Definition: the compensated demand curve is a demand curve that ignores the income effect of a price change, only taking into account the substitution effect. To do this, utility is held constant from the change in the price of the good. In this section, we will graphically derive the compensated demand curve from indifference curves and budget constraints by incorporating the substitution and income effects, and use the compensated demand curve to find the compensating variation.

• Let us consider a price increase for a normal good, a good whose demand increases as income increases. In Figure 7.e.1, assume that the price of Y (PY) is $1, and that the individual has an income of $100. The initial price of X (PX) is $1, so the individual’s initial budget constraint is therefore BC1, with a vertical intercept of 100, and a horizontal intercept of 100. The individual reaches his optimum (maximizes utility) at point A, where his initial budget constraint BC1 is tangent to the indifference curve IC1. Let’s say that at this point, he maximizes his utility by consuming 43 units of good X.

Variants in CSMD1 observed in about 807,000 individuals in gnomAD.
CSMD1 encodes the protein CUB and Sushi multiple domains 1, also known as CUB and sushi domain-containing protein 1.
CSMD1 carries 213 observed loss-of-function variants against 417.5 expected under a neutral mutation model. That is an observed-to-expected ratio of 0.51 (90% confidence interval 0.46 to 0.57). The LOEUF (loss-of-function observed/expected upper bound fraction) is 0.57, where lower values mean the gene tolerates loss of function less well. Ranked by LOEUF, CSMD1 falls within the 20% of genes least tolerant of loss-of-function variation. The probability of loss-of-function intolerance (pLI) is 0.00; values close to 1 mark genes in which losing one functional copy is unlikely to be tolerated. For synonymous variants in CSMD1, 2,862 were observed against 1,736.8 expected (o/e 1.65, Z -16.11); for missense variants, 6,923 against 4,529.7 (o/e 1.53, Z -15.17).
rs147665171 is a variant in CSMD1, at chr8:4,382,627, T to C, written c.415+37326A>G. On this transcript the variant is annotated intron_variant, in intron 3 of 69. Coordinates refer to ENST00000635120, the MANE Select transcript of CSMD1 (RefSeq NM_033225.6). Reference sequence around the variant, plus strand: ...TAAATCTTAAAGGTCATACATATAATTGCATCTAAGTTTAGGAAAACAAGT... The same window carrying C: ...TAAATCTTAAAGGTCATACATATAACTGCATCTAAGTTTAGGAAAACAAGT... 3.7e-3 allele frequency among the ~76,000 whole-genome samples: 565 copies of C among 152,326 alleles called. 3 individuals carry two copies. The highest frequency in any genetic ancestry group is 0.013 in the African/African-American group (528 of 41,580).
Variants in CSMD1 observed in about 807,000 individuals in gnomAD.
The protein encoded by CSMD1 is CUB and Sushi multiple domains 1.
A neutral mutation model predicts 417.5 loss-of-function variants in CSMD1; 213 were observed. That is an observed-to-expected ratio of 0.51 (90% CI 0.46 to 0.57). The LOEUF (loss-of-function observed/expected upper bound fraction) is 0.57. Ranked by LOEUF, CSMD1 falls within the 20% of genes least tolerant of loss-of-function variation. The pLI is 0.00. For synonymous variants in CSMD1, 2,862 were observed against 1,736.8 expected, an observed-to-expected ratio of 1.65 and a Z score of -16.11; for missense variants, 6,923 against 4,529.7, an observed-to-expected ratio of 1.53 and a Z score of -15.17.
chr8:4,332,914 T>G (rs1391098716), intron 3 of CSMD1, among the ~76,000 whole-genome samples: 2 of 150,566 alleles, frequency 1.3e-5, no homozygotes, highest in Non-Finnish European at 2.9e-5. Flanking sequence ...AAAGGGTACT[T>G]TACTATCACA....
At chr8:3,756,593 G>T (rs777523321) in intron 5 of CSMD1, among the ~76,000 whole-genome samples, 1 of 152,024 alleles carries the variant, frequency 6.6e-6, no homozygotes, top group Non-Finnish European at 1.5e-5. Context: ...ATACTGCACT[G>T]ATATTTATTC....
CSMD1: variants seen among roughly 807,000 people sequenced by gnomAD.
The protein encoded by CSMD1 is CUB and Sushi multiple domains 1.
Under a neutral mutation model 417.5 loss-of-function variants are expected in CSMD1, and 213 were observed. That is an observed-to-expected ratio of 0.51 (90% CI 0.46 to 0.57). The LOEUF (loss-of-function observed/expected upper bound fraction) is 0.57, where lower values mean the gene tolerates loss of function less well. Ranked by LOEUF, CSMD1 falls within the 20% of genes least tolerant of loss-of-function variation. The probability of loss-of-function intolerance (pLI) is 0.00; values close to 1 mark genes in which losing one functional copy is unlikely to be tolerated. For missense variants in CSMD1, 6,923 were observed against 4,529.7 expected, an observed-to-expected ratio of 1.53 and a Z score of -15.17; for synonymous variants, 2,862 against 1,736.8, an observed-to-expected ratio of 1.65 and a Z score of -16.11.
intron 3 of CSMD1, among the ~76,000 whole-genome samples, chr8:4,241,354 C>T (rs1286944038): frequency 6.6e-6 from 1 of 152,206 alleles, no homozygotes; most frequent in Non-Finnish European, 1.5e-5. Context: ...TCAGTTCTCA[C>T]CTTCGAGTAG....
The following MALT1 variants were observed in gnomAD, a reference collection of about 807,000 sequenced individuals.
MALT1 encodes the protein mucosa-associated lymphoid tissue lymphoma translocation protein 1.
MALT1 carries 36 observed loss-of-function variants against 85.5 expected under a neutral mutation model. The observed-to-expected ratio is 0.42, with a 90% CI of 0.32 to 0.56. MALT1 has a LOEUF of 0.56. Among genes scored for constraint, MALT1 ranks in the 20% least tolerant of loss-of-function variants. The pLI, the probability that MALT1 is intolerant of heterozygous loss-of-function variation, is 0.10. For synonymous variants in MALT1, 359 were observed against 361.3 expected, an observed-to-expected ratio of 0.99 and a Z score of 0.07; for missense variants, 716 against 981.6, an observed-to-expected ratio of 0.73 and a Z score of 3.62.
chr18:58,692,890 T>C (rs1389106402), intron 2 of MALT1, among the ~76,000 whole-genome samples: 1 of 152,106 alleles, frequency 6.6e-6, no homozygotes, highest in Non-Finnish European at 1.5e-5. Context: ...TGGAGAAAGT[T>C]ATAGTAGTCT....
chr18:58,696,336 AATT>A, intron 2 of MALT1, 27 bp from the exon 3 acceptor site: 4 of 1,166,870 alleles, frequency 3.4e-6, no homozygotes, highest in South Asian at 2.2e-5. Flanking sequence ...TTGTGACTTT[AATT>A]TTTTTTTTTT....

If PX increases from $1 to $2, his budget constraint will rotate inward until it reaches BC2 where there is now a horizontal intercept of 50. The individual now reaches his new optimum where the indifference curve IC2 is tangent to BC2 at the point B, where he maximizes his utility by consuming 18 units of good X. We can use these points to plot a demand curve for good X: According to Figure 7.e.1, when PX is $1, the individual maximizes utility at point A where he consumes 43 units of X. This information can be replotted on a curve showing the relationship between the price of X and the quantity of X consumed (figure 7.e.2). At a price of $1, the individual will consume 43 units of X, so the point A will replot on figure 7.e.2 as the point A’. Similarly at point B, at a price of $2, the individual will consume 18 units of X, so...

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